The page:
As Italy rapidly approaches its 40th government crisis since the fall of fascism in 1943, the government is showing increasing concern over the possibility that the powerful Italian Communists may be inching closer to government power here.
Communist pressure on the ruling Christian Democrats for a greater say in solving Italy's spiralling economic and social problems is expected to come to a head in the next week or two with the resignation of Premier Glulio Andreotti's 17-month-old minority Christian Democratic government.
It is unclear what type of government will succeed Andreotti's but concern that the Christian Democrats might agree to Communist demands for government membership has led the Carter Administration to call ambassador Richard N. Gardner home for consultations.
Gardner flew to Washington today for talks with State Department and White House officials. His departure, requested by Washington last Friday, has led to accusations by the Italian left of interference in Italian domestic politics.
Coming only a few days after President Carter told French Socialist leader Francois Mitterrand that the United States is concerned about a possible Socialist-Communist alliance there, Gardner's recall has led to speculation here that the Carter Administration is thinking of toughening its hitherto "low-profile" position on Western Europe's Communist parties.
Embassy officials insist that the Gardner trip does not indicate a change in the administration's policy: noninterference in the domestic affairs of sovereign nations, but not of indifference toward Communist membership in their governments.
They point out that Carter administration officials have stated on various occasions that they prefer democratic parties in power in Western Europe and that Communist membership in the government of a NATO member would be damaging to the Western alliance.
Informed sources say, however, that some administration officials believe that stronger action is necessary. These officials are said to favor a public warning, like those issued to Italy during the previous administration, of possible consequences to U.S.-Italian relations should the Communists gain a role in an Italian government.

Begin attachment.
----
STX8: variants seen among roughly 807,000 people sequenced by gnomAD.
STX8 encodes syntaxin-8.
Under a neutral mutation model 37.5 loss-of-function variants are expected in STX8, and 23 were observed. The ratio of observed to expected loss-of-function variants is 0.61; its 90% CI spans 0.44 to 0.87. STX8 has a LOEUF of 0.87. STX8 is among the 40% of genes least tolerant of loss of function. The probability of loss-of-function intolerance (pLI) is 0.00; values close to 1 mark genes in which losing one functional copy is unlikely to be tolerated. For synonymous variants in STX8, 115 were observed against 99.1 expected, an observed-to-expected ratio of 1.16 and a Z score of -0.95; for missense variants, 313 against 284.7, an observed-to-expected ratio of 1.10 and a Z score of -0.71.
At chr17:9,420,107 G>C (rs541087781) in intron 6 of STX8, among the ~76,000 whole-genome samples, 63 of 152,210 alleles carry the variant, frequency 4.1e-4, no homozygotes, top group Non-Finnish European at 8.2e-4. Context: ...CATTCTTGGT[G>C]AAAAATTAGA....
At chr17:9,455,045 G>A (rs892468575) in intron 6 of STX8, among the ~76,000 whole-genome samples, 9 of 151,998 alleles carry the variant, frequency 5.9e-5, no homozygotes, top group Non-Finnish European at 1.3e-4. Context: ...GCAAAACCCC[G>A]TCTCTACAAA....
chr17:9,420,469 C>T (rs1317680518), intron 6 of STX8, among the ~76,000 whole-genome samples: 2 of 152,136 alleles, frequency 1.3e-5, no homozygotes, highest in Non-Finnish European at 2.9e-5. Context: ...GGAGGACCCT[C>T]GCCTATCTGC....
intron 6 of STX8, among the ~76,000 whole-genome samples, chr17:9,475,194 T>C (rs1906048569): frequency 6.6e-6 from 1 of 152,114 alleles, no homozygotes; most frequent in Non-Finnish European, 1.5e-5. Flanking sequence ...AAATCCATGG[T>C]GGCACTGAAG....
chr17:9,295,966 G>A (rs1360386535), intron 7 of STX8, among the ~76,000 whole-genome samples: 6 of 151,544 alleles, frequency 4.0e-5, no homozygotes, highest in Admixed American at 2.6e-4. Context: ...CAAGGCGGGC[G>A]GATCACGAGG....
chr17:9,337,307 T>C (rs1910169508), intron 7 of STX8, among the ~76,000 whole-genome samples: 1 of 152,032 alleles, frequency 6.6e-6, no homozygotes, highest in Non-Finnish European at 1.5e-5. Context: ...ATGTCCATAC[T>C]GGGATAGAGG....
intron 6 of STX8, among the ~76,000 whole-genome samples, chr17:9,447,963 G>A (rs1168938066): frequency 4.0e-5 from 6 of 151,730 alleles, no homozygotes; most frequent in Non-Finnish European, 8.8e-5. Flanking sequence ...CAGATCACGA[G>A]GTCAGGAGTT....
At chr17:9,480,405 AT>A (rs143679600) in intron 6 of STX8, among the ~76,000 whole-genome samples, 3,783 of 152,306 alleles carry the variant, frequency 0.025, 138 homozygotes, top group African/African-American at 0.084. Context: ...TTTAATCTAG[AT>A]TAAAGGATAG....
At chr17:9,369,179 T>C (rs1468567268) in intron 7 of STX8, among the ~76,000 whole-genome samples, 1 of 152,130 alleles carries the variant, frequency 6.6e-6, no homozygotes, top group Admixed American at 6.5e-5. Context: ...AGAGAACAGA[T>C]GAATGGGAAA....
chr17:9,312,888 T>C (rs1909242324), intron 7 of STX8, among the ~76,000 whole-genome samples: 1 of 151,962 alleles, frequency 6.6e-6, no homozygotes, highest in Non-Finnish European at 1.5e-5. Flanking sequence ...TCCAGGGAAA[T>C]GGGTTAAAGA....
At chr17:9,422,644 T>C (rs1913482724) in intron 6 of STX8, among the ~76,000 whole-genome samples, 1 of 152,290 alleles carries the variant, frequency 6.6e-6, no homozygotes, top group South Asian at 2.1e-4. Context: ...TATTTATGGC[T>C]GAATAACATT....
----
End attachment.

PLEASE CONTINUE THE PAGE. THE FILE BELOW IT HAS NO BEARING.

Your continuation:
Such a warning would contrast with the low-key style adopted by Gardner since his arrival here last year. That style favors explanations of U.S. policy in private contacts with Italian leaders rather than public statements that could be interpreted as threats.
Some Western diplomats here believe that by calling Gardner back for consultations, the U.S. government has already given an adequate signal of its concern. "Given Italian sensitivity to outside interference, anything more might be counterproductive and anyway is probably 1 less," one Western diplomat said.
The Communists, who have given crucial support in Parliament to Andreotti's government since its formation in August 1976, recently began calling for a six-party national coalition, which they claim is the only government capable of dealing with the grave economic problems and deteriorating public order.Political violence, which has risen as the government crisis mounted, broke out again over the weekend.
The leadership of the Christian Democratic Party has given signs of willingness to revise a six-party program worked out with the Communists last July and to upgrade the Communists' current role.
But opposition within the Christian Democratic Party to an alliance with the Communists makes their actual participation in an Italian Cabinet unlikely at this time. Numerous Christian Democratic deputies and senators recently threatened to break party discipline and vote against the party if it bows to Communist demands.
Socialist and Communist spokesmen said today that any attempt by the United States to influence events here would be considered "intolerable" interference. Nevertheless, newpaper editor Indro Montanelli, known for his anti-Communist point of view, said that "if Gardner's visit to Washington is a sign of greater concern over the situation here by the United States, then it is most welcome."
Montanelli, like other stauch anti-Communists here, believes the U.S. position so far has been too soft and would like the American government to take a firmer stand. "I hope they find a way to make their position clear, because until now it hasn't been clear at all," he said, adding that the United States has given the impression of being "indifferent."
A top aide to Andreotti said the United States has every right to call its ambassador home for discussions but any further action was unnecessary, "because the Communists will not be getting into the government."
Another Christian Democrat close to party secretary Benigno Zaccagnini warned that a more rigid U.S. position could have negative consequences. A hard-line stance could encourage those in the Christian Democratic Party who favor early elections, he said.
The party's top leaders believe that if elections were held, both the Christian Democrats and the Communists --Italy's two largest parties -- would make further gains. "And the result would be either a government with the Communists or civil war."